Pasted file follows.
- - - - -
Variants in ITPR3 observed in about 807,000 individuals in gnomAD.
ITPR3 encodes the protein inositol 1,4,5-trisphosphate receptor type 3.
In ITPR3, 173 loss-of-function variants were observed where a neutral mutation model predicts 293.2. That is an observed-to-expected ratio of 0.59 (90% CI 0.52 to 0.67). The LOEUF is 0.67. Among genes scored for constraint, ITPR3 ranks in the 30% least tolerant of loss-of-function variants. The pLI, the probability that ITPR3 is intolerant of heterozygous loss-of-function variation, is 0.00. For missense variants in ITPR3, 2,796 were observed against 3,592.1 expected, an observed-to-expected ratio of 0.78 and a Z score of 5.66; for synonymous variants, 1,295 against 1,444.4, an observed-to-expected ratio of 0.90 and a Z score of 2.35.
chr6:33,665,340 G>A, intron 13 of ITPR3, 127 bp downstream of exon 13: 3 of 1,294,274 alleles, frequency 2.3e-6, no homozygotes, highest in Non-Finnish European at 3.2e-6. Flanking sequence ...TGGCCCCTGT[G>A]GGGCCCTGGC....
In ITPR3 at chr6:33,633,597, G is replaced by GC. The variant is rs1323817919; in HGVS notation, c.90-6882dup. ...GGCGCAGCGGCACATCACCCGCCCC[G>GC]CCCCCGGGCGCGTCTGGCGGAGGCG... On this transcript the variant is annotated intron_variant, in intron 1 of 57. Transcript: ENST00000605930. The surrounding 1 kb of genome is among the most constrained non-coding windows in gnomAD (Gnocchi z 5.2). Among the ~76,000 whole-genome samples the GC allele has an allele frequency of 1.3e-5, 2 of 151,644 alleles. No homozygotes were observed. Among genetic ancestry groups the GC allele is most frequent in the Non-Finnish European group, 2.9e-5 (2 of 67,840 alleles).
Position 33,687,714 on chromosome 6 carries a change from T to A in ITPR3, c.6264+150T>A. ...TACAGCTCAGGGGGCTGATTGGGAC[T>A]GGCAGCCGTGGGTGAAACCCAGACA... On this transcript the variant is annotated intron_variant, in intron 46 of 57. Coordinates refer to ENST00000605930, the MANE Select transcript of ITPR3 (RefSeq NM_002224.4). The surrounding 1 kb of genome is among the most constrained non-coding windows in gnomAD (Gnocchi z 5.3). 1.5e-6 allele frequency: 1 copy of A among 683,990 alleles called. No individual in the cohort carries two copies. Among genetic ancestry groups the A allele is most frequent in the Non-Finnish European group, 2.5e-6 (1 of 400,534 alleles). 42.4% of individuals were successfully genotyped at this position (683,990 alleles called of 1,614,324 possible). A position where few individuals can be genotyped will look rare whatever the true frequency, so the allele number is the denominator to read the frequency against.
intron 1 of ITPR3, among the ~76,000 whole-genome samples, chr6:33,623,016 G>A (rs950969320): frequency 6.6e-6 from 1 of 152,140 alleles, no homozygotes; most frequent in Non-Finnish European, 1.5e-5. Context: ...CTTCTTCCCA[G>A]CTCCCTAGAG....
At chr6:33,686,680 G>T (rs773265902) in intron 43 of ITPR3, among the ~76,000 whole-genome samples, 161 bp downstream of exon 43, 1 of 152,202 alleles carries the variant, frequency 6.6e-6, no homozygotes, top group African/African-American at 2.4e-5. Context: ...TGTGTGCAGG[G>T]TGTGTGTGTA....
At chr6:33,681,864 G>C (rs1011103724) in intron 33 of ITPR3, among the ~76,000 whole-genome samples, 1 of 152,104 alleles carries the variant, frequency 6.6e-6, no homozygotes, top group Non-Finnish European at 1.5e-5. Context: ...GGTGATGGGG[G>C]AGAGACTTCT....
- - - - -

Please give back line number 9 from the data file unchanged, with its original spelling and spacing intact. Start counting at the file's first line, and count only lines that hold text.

At chr6:33,681,864 G>C (rs1011103724) in intron 33 of ITPR3, among the ~76,000 whole-genome samples, 1 of 152,104 alleles carries the variant, frequency 6.6e-6, no homozygotes, top group Non-Finnish European at 1.5e-5. Context: ...GGTGATGGGG[G>C]AGAGACTTCT....